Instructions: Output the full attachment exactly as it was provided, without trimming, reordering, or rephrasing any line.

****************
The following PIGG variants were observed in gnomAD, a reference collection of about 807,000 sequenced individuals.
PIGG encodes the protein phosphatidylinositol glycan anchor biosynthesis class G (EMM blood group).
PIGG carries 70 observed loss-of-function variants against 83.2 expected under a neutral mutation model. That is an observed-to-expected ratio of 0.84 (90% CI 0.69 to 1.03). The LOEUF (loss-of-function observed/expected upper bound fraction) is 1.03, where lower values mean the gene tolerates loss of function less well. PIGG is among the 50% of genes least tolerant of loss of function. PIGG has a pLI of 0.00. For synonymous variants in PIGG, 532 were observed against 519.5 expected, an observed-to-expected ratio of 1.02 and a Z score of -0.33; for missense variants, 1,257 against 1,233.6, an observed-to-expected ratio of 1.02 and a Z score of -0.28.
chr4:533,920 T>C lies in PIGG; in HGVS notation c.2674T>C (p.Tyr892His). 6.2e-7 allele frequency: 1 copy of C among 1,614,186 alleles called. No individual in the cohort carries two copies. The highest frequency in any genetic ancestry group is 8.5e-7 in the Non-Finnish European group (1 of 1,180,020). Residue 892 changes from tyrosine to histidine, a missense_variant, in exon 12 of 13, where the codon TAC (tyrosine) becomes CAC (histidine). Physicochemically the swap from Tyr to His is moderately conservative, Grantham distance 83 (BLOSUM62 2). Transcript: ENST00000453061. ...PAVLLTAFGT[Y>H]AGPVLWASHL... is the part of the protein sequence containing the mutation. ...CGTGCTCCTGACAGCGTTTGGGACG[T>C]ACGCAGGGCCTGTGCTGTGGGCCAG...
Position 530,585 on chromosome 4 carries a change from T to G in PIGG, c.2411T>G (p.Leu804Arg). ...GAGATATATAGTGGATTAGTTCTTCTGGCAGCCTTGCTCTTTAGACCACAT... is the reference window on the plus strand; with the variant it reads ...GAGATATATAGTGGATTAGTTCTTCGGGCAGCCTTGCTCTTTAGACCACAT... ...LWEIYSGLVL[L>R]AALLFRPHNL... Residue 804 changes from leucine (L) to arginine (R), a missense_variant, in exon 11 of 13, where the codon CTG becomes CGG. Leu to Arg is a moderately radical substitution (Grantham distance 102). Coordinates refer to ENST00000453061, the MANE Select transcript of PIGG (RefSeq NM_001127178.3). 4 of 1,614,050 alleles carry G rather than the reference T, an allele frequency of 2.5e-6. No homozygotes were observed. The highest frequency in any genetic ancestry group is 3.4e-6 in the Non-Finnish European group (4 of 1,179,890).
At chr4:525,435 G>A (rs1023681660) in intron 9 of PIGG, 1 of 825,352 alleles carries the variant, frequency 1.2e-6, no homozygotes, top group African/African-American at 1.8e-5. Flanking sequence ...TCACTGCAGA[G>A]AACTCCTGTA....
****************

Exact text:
The following PIGG variants were observed in gnomAD, a reference collection of about 807,000 sequenced individuals.
PIGG encodes the protein phosphatidylinositol glycan anchor biosynthesis class G (EMM blood group).
PIGG carries 70 observed loss-of-function variants against 83.2 expected under a neutral mutation model. That is an observed-to-expected ratio of 0.84 (90% CI 0.69 to 1.03). The LOEUF (loss-of-function observed/expected upper bound fraction) is 1.03, where lower values mean the gene tolerates loss of function less well. PIGG is among the 50% of genes least tolerant of loss of function. PIGG has a pLI of 0.00. For synonymous variants in PIGG, 532 were observed against 519.5 expected, an observed-to-expected ratio of 1.02 and a Z score of -0.33; for missense variants, 1,257 against 1,233.6, an observed-to-expected ratio of 1.02 and a Z score of -0.28.
chr4:533,920 T>C lies in PIGG; in HGVS notation c.2674T>C (p.Tyr892His). 6.2e-7 allele frequency: 1 copy of C among 1,614,186 alleles called. No individual in the cohort carries two copies. The highest frequency in any genetic ancestry group is 8.5e-7 in the Non-Finnish European group (1 of 1,180,020). Residue 892 changes from tyrosine to histidine, a missense_variant, in exon 12 of 13, where the codon TAC (tyrosine) becomes CAC (histidine). Physicochemically the swap from Tyr to His is moderately conservative, Grantham distance 83 (BLOSUM62 2). Transcript: ENST00000453061. ...PAVLLTAFGT[Y>H]AGPVLWASHL... is the part of the protein sequence containing the mutation. ...CGTGCTCCTGACAGCGTTTGGGACG[T>C]ACGCAGGGCCTGTGCTGTGGGCCAG...
Position 530,585 on chromosome 4 carries a change from T to G in PIGG, c.2411T>G (p.Leu804Arg). ...GAGATATATAGTGGATTAGTTCTTCTGGCAGCCTTGCTCTTTAGACCACAT... is the reference window on the plus strand; with the variant it reads ...GAGATATATAGTGGATTAGTTCTTCGGGCAGCCTTGCTCTTTAGACCACAT... ...LWEIYSGLVL[L>R]AALLFRPHNL... Residue 804 changes from leucine (L) to arginine (R), a missense_variant, in exon 11 of 13, where the codon CTG becomes CGG. Leu to Arg is a moderately radical substitution (Grantham distance 102). Coordinates refer to ENST00000453061, the MANE Select transcript of PIGG (RefSeq NM_001127178.3). 4 of 1,614,050 alleles carry G rather than the reference T, an allele frequency of 2.5e-6. No homozygotes were observed. The highest frequency in any genetic ancestry group is 3.4e-6 in the Non-Finnish European group (4 of 1,179,890).
At chr4:525,435 G>A (rs1023681660) in intron 9 of PIGG, 1 of 825,352 alleles carries the variant, frequency 1.2e-6, no homozygotes, top group African/African-American at 1.8e-5. Flanking sequence ...TCACTGCAGA[G>A]AACTCCTGTA....